Minnesota utility regulators Thursday significantly increased the “social cost” of carbon dioxide emissions from power plants, but not as much as requested by two state agencies and environmental and renewable energy groups.
Since the 1990s, Minnesota has been one of just a handful of states to try to quantify the economic impact of the greenhouse gases behind climate change. The Minnesota Public Utilities Commission voted 3-2 to raise that cost from the current level of 44 cents to $4.53 per short ton to a range of $9.05 to $43.06 per short ton by 2020.
“That’s a dramatic and I think appropriate increase in the value for CO2,” said Dan Lipschultz, the PUC commissioner who proposed the new cost range. “As far as I know, we are the only state in the country to adopt CO2 values comprehensively for [utilities’] resource planning.”
Consumers don’t see a carbon fee on their bills. However, Lipschultz said the decision would “in all likelihood” indirectly impact ratepayers.
Carbon emissions are what’s known in economics as a negative externality: a cost that’s not paid for by a producer, but instead is borne by a nonrelated third party, usually the public. In 1993, the Minnesota legislature required the PUC to consider the costs of air pollutants in decisions on power plants, which could impact a project’s total costs, which are at least partly borne by ratepayers.
Commissioners Nancy Lange and John Tuma joined Lipschultz in voting for the $9.05 to $43.06 per ton range. The two commissioners who voted against the measure, Matthew Schuerger and Katie Sieben, both wanted a higher carbon cost range of $12.30 to $63.56 per ton — a value proposed by the Minnesota Pollution Control Agency (MPCA) and the Minnesota Department of Commerce.
The Minnesota Center for Environmental Advocacy, the Sierra Club and Fresh Energy — a renewable energy group — all supported the higher value, too. Still, Leigh Currie, energy program director at the environmental advocacy center, called the increase “a dramatic and significant improvement,” noting the current Minnesota carbon cost was set 20 years ago.
The new carbon cost adopted by the PUC is closest to Minneapolis-based Xcel Energy’s proposal — a range of $12.26 to $41.84 per ton by 2020.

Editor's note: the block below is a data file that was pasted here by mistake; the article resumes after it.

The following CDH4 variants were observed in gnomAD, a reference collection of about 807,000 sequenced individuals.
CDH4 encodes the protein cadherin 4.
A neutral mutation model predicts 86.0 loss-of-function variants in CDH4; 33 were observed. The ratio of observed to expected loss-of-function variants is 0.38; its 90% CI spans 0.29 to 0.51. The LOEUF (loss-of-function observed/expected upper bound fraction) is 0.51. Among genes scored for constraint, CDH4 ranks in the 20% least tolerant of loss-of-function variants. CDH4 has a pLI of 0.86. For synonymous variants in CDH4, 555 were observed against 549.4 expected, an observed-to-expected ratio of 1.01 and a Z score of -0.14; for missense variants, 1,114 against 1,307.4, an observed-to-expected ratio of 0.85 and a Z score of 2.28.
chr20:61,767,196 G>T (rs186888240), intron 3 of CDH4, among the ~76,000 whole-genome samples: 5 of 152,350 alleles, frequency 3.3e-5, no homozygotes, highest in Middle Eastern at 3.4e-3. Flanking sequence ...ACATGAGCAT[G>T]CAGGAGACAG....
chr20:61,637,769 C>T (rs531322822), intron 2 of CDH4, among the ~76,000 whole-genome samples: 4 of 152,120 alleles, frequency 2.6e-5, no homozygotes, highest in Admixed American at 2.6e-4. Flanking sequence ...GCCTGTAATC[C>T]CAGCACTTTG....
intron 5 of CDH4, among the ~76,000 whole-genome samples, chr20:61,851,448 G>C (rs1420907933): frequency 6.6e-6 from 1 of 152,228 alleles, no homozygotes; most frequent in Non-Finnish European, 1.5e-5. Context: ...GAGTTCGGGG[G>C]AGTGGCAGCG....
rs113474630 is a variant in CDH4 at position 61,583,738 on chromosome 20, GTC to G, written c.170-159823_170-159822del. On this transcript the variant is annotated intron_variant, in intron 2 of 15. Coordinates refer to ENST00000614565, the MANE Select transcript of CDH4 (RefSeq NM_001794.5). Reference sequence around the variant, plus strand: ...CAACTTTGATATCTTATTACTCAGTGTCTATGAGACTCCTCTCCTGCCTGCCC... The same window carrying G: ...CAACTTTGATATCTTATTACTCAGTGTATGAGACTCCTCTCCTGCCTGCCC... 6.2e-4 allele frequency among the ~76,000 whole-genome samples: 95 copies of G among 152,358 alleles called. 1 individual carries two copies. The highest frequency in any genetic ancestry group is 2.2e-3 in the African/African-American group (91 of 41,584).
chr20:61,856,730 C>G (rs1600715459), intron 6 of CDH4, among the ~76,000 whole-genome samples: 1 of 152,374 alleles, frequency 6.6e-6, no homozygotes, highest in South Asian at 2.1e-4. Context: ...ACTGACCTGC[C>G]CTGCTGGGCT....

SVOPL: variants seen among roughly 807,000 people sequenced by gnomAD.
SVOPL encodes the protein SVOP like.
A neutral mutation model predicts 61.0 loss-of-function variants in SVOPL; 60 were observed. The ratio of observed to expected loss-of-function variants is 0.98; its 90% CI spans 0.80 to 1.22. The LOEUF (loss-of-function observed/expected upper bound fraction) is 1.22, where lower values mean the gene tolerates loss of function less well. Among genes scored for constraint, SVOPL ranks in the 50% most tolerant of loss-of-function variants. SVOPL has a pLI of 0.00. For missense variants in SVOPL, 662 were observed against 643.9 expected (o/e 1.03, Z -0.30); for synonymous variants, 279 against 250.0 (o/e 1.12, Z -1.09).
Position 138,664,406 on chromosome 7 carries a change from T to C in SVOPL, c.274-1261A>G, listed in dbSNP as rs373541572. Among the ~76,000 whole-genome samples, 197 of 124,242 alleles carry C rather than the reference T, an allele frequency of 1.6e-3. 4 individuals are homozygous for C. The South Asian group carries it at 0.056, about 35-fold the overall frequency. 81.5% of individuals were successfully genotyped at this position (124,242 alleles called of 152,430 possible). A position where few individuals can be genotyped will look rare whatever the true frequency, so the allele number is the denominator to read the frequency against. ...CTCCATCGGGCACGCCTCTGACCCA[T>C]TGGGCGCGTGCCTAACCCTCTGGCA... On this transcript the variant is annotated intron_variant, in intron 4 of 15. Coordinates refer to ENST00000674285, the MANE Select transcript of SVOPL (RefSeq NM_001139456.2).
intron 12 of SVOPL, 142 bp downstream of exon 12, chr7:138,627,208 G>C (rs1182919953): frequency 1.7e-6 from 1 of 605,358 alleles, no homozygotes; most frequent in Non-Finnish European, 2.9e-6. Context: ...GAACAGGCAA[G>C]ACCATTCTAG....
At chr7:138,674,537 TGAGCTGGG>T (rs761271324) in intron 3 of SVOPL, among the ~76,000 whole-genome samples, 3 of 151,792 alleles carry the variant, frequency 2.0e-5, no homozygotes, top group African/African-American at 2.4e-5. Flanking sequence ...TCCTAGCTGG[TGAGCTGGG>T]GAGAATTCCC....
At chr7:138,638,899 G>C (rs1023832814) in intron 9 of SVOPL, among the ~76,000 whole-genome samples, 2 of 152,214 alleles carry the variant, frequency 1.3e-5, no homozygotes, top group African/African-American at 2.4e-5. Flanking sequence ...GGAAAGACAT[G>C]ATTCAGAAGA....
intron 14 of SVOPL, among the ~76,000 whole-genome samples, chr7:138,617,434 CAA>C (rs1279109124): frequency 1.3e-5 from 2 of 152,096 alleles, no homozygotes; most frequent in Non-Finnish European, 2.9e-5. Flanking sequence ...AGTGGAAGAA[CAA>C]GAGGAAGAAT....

A lower range of $7.88 to $18.99 per ton was proposed by three other Minnesota utilities: Maple Grove-based Great River Energy, Duluth-based Minnesota Power and Fergus Falls-based Otter Tail Power.
These days, no utilities in Minnesota plan to build new coal-fired power plants, the largest emitters of carbon dioxide for the electricity industry. So in practice, the social cost of carbon most likely will affect plans for new natural-gas plants. Burning natural gas emits about half of the greenhouse gases as coal, but wind and solar power emit none.
Environmental and renewable energy groups asked the PUC to update the carbon cost a few years ago. Much of the debate boils down to an evaluation of the federal social cost of carbon, which was devised in 2010 by scientists and economists from such federal bodies as the Environmental Protection Agency and the departments of energy, agriculture and commerce.
Twelve federal agencies combined three mathematical models to account for the effect of carbon dioxide emissions on climate change and the potential economic costs of climate change, including higher temperatures and higher sea levels. The cost developed by the 12 agencies has been used in setting national environmental and energy regulations — though President Donald Trump earlier this year directed agencies to disregard it.
Carbon cost proposals from the MPCA and the commerce department stem directly from the federal social cost of carbon. But Minnesota utilities, while acknowledging some merits in the federal cost of carbon’s methodology, have argued that it’s statistically unsound and riven with uncertainties.
The “level of uncertainty” about the economic damages of climate change is a problem — “not uncertainty about (the science) of climate change,” said Tuma, a PUC commissioner who voted for the carbon cost range of $9.05 to $43.06 carbon.
Lipschultz and Lange, the PUC’s chairwoman, shared Tuma’s concern about calculating economic damages from CO2 emissions after the year 2100.
The year 2300 is used to assess damages in the federal social cost of carbon.
There’s no question that economic damages will extend at least until 2300, Lipschultz said. But “the economic assumptions you use to calculate the damages get less certain as you go out.”
The proposal from Lipschultz that passed the PUC was based on the federal social cost of carbon — but with more conservative economic assumptions. First, he assumed damages through only 2100 for the low end of the cost range, though he used 2300 for the high end.
Second, Lipschultz assumed discount rates of 3 and 5 percent for his proposal, throwing out the 2.5 percent rate used in the federal social cost of carbon and advocated by the MPCA, the commerce department and environmental groups.
Discount rates value future costs in today’s dollars. They are critical for modeling carbon costs since the effects of CO2 emissions are long term. But choosing discount rates is contentious; the lower the rate, the higher the present value of future costs.
Historically, the PUC has set costs for CO2 emissions using discount rates of 3 percent to 5 percent, Lipschultz said. “Science doesn’t tell us discount rates.”